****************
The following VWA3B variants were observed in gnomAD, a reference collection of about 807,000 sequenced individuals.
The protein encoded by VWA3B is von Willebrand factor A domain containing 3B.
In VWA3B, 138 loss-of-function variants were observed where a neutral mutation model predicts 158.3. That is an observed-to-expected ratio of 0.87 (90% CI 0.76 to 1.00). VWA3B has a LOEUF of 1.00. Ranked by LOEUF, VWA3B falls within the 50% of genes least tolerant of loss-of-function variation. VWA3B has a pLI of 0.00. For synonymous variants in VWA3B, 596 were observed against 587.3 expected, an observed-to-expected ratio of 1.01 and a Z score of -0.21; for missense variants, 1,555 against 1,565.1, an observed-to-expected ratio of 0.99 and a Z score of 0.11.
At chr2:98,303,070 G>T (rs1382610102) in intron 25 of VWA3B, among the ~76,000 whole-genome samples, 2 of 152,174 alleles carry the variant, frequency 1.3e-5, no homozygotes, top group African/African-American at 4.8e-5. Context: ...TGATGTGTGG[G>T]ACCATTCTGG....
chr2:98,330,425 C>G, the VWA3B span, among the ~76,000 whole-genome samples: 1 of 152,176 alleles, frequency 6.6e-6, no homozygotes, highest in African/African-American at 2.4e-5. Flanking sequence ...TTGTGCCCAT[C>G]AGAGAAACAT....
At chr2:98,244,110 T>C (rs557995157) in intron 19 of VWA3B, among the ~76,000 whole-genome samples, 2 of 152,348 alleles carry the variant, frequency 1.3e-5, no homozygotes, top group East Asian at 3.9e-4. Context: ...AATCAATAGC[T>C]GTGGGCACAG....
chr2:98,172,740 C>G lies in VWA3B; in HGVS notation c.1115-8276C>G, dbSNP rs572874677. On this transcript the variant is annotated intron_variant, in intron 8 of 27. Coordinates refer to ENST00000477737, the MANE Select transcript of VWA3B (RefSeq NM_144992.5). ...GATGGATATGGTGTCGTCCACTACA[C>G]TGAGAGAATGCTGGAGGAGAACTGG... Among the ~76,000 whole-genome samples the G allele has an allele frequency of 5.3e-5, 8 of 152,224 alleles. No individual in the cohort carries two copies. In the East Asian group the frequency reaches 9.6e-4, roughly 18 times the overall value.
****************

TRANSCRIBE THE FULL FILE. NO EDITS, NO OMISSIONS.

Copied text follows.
The following VWA3B variants were observed in gnomAD, a reference collection of about 807,000 sequenced individuals.
The protein encoded by VWA3B is von Willebrand factor A domain containing 3B.
In VWA3B, 138 loss-of-function variants were observed where a neutral mutation model predicts 158.3. That is an observed-to-expected ratio of 0.87 (90% CI 0.76 to 1.00). VWA3B has a LOEUF of 1.00. Ranked by LOEUF, VWA3B falls within the 50% of genes least tolerant of loss-of-function variation. VWA3B has a pLI of 0.00. For synonymous variants in VWA3B, 596 were observed against 587.3 expected, an observed-to-expected ratio of 1.01 and a Z score of -0.21; for missense variants, 1,555 against 1,565.1, an observed-to-expected ratio of 0.99 and a Z score of 0.11.
At chr2:98,303,070 G>T (rs1382610102) in intron 25 of VWA3B, among the ~76,000 whole-genome samples, 2 of 152,174 alleles carry the variant, frequency 1.3e-5, no homozygotes, top group African/African-American at 4.8e-5. Context: ...TGATGTGTGG[G>T]ACCATTCTGG....
chr2:98,330,425 C>G, the VWA3B span, among the ~76,000 whole-genome samples: 1 of 152,176 alleles, frequency 6.6e-6, no homozygotes, highest in African/African-American at 2.4e-5. Flanking sequence ...TTGTGCCCAT[C>G]AGAGAAACAT....
At chr2:98,244,110 T>C (rs557995157) in intron 19 of VWA3B, among the ~76,000 whole-genome samples, 2 of 152,348 alleles carry the variant, frequency 1.3e-5, no homozygotes, top group East Asian at 3.9e-4. Context: ...AATCAATAGC[T>C]GTGGGCACAG....
chr2:98,172,740 C>G lies in VWA3B; in HGVS notation c.1115-8276C>G, dbSNP rs572874677. On this transcript the variant is annotated intron_variant, in intron 8 of 27. Coordinates refer to ENST00000477737, the MANE Select transcript of VWA3B (RefSeq NM_144992.5). ...GATGGATATGGTGTCGTCCACTACA[C>G]TGAGAGAATGCTGGAGGAGAACTGG... Among the ~76,000 whole-genome samples the G allele has an allele frequency of 5.3e-5, 8 of 152,224 alleles. No individual in the cohort carries two copies. In the East Asian group the frequency reaches 9.6e-4, roughly 18 times the overall value.